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Someday, we will all be needing a death basket

Have you heard the story about American Indian death baskets? I heard it several years ago on the radio. I don’t know who wrote it, nor if it’s true. I’ve forgotten many details, but here’s my version:

Once there was an Indian tribe that was exceedingly skilled at weaving baskets. By the time each male member of the tribe reached middle-age, he owned a special, large basket. It was woven for him by his eldest son.

That basket was never used until the man grew too old to hunt and to keep up on the trail. His eldest son then filled the basket with corn, smoked venison and other provisions. Then when the tribe moved on, the old man and his basket were left behind under a tree.

One son, who had just left his father behind, noticed his own son busily weaving something. He asked his young son what he was making. The young man said, “Your basket.”

I remembered that story last Saturday while reading David Brooks’ column in The Tribune. The column’s headline was “Looking at life, death and budgets.” Brooks said America’s present fiscal crisis “is driven largely by health care costs.”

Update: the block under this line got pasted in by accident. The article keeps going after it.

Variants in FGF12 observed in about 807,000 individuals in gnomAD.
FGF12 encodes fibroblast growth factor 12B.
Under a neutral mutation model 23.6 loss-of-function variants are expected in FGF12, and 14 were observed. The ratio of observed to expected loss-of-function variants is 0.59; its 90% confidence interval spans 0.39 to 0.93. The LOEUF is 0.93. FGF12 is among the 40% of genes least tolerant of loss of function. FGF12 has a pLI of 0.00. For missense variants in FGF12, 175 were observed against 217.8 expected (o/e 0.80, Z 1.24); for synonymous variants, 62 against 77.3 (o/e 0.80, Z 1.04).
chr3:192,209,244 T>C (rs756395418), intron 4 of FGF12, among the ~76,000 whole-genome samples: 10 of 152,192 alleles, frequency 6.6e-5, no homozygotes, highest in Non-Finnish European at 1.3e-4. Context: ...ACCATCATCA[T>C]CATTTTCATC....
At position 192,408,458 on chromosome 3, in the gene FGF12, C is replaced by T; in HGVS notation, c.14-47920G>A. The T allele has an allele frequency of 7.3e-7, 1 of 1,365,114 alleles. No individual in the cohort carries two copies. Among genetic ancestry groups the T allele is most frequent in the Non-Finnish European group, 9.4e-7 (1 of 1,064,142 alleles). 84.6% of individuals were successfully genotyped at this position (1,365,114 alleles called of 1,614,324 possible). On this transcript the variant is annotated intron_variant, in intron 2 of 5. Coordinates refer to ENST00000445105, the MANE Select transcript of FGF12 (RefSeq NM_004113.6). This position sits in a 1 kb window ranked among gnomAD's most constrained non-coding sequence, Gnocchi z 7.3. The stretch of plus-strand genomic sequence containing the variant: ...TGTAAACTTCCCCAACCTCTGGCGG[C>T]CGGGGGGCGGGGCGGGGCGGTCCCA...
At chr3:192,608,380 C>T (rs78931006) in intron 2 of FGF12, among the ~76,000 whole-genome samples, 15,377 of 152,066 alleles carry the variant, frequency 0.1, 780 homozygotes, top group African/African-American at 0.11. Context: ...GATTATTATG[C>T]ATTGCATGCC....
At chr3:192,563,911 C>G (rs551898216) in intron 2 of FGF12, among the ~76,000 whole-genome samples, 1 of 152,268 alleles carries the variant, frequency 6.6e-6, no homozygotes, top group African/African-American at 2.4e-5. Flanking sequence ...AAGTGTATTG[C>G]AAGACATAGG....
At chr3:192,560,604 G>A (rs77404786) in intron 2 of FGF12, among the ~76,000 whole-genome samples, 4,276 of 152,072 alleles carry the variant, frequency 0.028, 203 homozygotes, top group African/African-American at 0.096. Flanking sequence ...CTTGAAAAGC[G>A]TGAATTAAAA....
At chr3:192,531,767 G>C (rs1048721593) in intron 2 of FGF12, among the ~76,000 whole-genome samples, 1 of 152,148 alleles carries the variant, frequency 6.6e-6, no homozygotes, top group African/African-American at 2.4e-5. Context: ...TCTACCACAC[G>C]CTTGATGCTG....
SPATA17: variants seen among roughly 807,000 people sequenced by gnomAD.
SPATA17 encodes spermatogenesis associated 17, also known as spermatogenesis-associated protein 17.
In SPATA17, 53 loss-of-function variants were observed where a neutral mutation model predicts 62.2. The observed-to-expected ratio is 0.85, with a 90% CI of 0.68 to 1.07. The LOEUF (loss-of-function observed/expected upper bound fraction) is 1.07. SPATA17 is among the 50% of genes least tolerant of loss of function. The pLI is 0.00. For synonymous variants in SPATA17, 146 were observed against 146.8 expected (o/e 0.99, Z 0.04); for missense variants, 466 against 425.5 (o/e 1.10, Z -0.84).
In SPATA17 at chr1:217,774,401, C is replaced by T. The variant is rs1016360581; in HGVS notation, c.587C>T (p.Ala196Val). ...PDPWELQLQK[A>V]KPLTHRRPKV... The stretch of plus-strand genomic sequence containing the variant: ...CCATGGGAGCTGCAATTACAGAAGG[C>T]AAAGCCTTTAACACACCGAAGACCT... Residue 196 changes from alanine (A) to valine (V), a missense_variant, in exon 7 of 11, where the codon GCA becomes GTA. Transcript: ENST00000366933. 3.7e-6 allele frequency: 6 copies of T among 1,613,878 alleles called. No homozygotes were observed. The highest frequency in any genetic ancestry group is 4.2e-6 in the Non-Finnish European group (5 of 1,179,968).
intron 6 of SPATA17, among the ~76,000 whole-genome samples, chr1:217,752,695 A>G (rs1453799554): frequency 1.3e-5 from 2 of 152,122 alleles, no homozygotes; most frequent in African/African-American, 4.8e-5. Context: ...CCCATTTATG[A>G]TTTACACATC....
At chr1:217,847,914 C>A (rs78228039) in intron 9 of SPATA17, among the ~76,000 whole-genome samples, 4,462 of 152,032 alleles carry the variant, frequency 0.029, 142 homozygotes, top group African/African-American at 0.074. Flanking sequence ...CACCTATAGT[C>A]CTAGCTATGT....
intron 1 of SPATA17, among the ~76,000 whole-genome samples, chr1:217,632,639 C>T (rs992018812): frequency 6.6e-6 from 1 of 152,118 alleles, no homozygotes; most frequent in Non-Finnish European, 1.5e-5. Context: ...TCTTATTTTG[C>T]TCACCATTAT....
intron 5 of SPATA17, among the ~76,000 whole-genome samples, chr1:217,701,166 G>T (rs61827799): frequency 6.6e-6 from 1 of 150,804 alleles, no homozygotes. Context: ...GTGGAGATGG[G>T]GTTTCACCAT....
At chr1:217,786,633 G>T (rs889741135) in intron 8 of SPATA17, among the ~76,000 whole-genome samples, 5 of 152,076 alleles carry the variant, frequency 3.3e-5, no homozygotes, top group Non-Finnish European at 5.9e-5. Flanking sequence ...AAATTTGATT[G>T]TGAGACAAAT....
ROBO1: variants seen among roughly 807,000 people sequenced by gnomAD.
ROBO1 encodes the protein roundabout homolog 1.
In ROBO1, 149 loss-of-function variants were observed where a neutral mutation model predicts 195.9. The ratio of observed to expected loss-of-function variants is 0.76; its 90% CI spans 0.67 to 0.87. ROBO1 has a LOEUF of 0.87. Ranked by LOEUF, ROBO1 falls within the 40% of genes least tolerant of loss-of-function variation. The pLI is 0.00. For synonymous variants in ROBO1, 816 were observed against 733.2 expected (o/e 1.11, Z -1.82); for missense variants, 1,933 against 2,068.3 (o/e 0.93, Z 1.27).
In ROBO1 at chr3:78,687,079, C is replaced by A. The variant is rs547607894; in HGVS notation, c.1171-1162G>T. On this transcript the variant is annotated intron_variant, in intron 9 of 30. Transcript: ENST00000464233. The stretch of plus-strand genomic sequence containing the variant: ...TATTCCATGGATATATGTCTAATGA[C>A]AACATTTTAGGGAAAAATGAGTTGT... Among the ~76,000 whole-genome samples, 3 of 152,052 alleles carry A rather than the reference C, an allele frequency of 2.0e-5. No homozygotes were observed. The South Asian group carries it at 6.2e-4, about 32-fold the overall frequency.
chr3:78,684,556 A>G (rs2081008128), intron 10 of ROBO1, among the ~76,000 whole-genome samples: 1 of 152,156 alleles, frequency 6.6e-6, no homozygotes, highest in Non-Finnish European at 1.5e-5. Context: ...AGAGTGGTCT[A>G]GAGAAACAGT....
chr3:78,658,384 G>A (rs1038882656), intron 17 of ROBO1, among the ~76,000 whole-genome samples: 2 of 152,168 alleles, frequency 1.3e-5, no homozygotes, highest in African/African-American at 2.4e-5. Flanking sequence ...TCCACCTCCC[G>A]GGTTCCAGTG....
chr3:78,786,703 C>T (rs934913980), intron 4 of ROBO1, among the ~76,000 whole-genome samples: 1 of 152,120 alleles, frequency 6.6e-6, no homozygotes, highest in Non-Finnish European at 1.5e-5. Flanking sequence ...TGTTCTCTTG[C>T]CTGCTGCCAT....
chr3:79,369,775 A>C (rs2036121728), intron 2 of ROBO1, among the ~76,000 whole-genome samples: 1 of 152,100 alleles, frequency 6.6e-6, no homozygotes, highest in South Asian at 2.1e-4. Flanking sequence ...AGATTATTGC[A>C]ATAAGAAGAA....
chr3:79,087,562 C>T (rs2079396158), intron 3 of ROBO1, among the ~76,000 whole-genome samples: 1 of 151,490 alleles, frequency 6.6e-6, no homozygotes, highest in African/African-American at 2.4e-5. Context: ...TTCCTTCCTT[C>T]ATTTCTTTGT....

He said one thing that caused this crisis “is our inability to face death —our willingness to spend our nation into bankruptcy to extend life for a few more sickly months.” (Do I smell death panels there?)

Brooks quoted several experts. Two of them said Americans spent $91 billion in 2005 on Alzhei-mer’s patients, and will spend $189 billion in 2015 and $1 trillion in 2050. “Obviously,” Brooks said, “we are never going to cut off Alzheimer’s patients and leave them out on a hillside.” (What, no baskets?)

So what should we really do with Alzheimer’s patients and other ill elderly people? Brooks didn’t go into specifics. But some state officials have taken specific steps. I read an article about them in Sunday’s Tribune. The headline said, “Senior care services facing cuts.” The sub-headline said, “Three out of four states have scaled back day programs and home care in recent years.”

That’s shortsighted. My wife, Mamie, suffered a broken hip last month. She was released from the convalescent hospital last week. She’s now receiving Medicare home health care. It seems obvious that partnering with families to treat family members at home has got to be cheaper than treating them in nursing homes.

I wonder how many of our politicians realize that they, too, will someday qualify for a death basket.

Reach Phil Dirkx at phild2008@sbcglobal.net or 238-2372.

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